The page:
animals, bird, nature, photo-of-the-day, photography, wildlife

Wordless Wednesday: starling

common starling or European starling (Sturnus vulgaris) / Star aka Gemeiner Star

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Take care!

animals, mammal, photography, wildlife, world

Throwback Thursday: last year in Namibia

black-backed jackal (Lupulella mesomelas) / Schabrackenschakal

 

I met this handsome predator a few times. They prowl alone through the land, always looking for prey.

 

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animals, bird, photography, seasons, summer, wildlife, world

Throwback Thursday: remembering last summer

European bee-eater (Merops apiaster) / Bienenfresser

 

These beautiful birds are coming quite late to middle Europe for growing their offspring. Early June is still mating time and by the end of August, they are already away to the south. They depend completely on the availability of big flying insects like bees, bumblebees, wasps, hornets, or dragonflies. Although they are native to Europe, they are quite new in more northern parts of i.e. Germany. They benefit from the warmer summers. Following the river the Danube in western direction from Romania to the Kaiserstuhl area in the south-western state of Baden-Würtemberg and then along the river Rhine to the north. For a couple of years, a tiny population is known west of Düsseldorf and another one near Porta-Westfalica next to the river Weser. A third well-known bigger population resides in the middle German state of Saxony-Anhalt.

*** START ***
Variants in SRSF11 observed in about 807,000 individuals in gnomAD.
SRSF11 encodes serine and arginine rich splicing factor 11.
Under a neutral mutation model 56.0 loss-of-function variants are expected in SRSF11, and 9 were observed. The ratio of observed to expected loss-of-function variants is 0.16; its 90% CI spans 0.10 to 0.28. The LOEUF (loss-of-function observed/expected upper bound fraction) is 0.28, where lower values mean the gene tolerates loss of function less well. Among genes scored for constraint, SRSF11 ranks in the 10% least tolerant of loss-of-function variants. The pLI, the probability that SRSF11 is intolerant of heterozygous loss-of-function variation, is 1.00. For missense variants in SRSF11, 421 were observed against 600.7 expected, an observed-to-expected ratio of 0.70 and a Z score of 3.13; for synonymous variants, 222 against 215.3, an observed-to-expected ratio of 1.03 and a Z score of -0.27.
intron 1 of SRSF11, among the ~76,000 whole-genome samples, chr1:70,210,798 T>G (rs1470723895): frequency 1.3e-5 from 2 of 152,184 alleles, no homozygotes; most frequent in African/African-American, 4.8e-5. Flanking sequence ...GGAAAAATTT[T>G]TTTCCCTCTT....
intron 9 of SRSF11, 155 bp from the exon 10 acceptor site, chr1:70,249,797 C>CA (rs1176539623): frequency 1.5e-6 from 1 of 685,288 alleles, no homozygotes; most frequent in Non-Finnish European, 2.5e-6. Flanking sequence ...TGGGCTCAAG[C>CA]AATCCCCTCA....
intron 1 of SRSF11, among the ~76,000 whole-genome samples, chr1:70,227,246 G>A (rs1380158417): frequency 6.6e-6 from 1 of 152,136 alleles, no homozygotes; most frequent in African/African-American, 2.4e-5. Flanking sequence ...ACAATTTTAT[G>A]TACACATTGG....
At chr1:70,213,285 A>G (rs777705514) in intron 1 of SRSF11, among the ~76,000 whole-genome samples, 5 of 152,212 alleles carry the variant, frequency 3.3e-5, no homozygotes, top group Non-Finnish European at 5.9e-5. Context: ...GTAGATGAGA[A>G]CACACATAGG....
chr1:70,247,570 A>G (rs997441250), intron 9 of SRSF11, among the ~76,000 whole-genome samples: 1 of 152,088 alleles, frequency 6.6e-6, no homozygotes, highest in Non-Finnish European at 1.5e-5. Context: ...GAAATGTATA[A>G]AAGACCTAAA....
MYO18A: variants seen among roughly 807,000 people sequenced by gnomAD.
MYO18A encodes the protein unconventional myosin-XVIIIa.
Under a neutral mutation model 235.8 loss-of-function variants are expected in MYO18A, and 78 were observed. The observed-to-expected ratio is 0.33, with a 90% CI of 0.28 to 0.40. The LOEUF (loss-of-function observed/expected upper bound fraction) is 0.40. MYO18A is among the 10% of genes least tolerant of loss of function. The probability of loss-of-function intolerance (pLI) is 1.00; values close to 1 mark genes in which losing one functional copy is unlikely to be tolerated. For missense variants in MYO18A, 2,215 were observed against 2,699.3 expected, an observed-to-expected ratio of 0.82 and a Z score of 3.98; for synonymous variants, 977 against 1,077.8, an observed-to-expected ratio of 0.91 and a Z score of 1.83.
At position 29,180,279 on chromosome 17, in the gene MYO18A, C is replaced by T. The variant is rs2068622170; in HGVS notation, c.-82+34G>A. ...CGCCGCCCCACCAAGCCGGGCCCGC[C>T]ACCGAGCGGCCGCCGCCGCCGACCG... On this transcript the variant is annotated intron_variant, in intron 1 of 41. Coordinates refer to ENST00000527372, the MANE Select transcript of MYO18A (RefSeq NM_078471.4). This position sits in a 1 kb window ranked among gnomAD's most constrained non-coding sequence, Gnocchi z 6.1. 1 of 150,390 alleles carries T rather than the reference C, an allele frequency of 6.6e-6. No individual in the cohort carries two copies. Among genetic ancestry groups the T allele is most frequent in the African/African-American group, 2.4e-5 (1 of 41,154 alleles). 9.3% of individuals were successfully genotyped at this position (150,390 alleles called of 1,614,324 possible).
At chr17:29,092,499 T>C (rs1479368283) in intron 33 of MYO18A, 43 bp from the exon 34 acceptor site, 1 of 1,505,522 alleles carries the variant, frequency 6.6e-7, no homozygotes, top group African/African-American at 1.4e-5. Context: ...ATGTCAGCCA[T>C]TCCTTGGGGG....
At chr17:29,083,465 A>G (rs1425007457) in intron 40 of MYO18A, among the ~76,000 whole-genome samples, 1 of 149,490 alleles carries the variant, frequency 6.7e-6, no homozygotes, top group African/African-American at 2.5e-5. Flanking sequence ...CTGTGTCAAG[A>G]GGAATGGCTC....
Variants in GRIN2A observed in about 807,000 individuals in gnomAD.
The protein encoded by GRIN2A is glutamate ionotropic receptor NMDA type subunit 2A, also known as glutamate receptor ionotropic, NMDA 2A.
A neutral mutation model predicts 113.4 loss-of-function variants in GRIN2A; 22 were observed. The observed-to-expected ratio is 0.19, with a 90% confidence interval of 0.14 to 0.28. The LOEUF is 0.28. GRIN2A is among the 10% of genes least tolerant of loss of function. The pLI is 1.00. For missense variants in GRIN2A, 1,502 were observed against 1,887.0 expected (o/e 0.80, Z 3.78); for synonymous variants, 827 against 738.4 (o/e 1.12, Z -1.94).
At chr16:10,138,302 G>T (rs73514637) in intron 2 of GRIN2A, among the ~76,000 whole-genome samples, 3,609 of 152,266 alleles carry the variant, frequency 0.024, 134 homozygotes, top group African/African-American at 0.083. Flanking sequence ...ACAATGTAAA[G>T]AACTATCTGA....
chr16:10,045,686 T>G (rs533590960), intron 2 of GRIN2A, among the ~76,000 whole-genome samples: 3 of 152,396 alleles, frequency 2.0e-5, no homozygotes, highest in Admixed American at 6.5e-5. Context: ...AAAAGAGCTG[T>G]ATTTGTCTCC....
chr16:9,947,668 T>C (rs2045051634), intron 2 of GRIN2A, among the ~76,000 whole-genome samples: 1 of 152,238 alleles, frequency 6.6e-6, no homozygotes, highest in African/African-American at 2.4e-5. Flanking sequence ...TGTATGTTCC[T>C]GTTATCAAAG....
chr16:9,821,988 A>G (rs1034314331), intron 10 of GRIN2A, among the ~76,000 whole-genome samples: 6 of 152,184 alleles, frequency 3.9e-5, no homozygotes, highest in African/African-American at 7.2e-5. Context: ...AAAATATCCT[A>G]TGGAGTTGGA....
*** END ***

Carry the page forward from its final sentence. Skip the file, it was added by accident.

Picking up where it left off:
Besides big flying insects, they need open steep slopes consisting of clay to dig their brood cavity. Such a brood cavity is usually 1-1,50 meters long and can be up to 2 meters long with a diameter of 5-7 cm. Suitable slopes can be found in some parts of some rivers or in man-made gravel pits. Surprisingly, the machines seem not to disturb the birds as long as no human shows up and enough insects are around. In addition, the slope must be big enough to offer space for more than one couple, because they live in (huge) colonies.

In Germany, bee-eaters are a protected species as it is red-listed as an endangered species.

Take care

 

 

animals, bird, photography, review, wildlife, winter

Throwback Thursday: starlings

Exactly one year ago, I noticed a small troop of starlings in our garden. It was the first time I saw starlings here in our region. Enlarge the image to see the beautiful little heart-shaped spots on their feathers. Unfortunately, they picked a quite bad day for their visit. Because they came back from the warm south (Mediterranean region) quite early, everything was covered by snow. Having snow is in my region nowadays a very rare occurrence. So, they had to dig through the snow first to find some food below. And bad for me, because of the lacking sun, the beautiful colorful metallic glow in their plumage wasn’t visible.

Take care